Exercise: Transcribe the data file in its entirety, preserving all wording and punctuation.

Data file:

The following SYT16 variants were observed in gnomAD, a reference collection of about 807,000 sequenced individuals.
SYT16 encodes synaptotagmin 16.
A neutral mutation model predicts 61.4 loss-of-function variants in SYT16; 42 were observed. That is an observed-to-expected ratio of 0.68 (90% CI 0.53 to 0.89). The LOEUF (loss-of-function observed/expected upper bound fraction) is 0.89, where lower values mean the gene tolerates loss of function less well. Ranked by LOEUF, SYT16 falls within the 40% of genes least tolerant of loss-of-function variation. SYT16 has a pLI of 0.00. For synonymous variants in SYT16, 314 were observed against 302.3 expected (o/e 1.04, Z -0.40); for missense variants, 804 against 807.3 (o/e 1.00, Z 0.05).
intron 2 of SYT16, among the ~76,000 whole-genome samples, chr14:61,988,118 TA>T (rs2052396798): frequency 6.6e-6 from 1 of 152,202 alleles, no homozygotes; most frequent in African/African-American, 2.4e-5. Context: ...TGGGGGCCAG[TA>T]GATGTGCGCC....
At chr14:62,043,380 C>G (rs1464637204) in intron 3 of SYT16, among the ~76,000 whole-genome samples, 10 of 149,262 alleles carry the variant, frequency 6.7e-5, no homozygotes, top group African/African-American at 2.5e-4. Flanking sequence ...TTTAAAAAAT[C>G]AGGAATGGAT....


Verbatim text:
The following SYT16 variants were observed in gnomAD, a reference collection of about 807,000 sequenced individuals.
SYT16 encodes synaptotagmin 16.
A neutral mutation model predicts 61.4 loss-of-function variants in SYT16; 42 were observed. That is an observed-to-expected ratio of 0.68 (90% CI 0.53 to 0.89). The LOEUF (loss-of-function observed/expected upper bound fraction) is 0.89, where lower values mean the gene tolerates loss of function less well. Ranked by LOEUF, SYT16 falls within the 40% of genes least tolerant of loss-of-function variation. SYT16 has a pLI of 0.00. For synonymous variants in SYT16, 314 were observed against 302.3 expected (o/e 1.04, Z -0.40); for missense variants, 804 against 807.3 (o/e 1.00, Z 0.05).
intron 2 of SYT16, among the ~76,000 whole-genome samples, chr14:61,988,118 TA>T (rs2052396798): frequency 6.6e-6 from 1 of 152,202 alleles, no homozygotes; most frequent in African/African-American, 2.4e-5. Context: ...TGGGGGCCAG[TA>T]GATGTGCGCC....
At chr14:62,043,380 C>G (rs1464637204) in intron 3 of SYT16, among the ~76,000 whole-genome samples, 10 of 149,262 alleles carry the variant, frequency 6.7e-5, no homozygotes, top group African/African-American at 2.5e-4. Flanking sequence ...TTTAAAAAAT[C>G]AGGAATGGAT....